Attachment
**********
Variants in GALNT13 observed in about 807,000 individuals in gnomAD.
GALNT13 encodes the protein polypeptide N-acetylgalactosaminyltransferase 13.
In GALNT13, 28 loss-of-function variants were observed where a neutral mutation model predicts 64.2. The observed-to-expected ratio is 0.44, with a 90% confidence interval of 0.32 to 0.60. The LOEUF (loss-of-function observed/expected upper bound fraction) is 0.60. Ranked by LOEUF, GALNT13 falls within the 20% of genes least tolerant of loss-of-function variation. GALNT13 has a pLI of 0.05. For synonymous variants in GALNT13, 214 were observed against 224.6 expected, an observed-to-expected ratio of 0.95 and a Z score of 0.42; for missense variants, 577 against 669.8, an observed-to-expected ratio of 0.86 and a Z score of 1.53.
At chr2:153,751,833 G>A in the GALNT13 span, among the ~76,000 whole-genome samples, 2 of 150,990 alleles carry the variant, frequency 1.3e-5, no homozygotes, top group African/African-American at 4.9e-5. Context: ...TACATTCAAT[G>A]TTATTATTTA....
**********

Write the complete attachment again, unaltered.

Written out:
Variants in GALNT13 observed in about 807,000 individuals in gnomAD.
GALNT13 encodes the protein polypeptide N-acetylgalactosaminyltransferase 13.
In GALNT13, 28 loss-of-function variants were observed where a neutral mutation model predicts 64.2. The observed-to-expected ratio is 0.44, with a 90% confidence interval of 0.32 to 0.60. The LOEUF (loss-of-function observed/expected upper bound fraction) is 0.60. Ranked by LOEUF, GALNT13 falls within the 20% of genes least tolerant of loss-of-function variation. GALNT13 has a pLI of 0.05. For synonymous variants in GALNT13, 214 were observed against 224.6 expected, an observed-to-expected ratio of 0.95 and a Z score of 0.42; for missense variants, 577 against 669.8, an observed-to-expected ratio of 0.86 and a Z score of 1.53.
At chr2:153,751,833 G>A in the GALNT13 span, among the ~76,000 whole-genome samples, 2 of 150,990 alleles carry the variant, frequency 1.3e-5, no homozygotes, top group African/African-American at 4.9e-5. Context: ...TACATTCAAT[G>A]TTATTATTTA....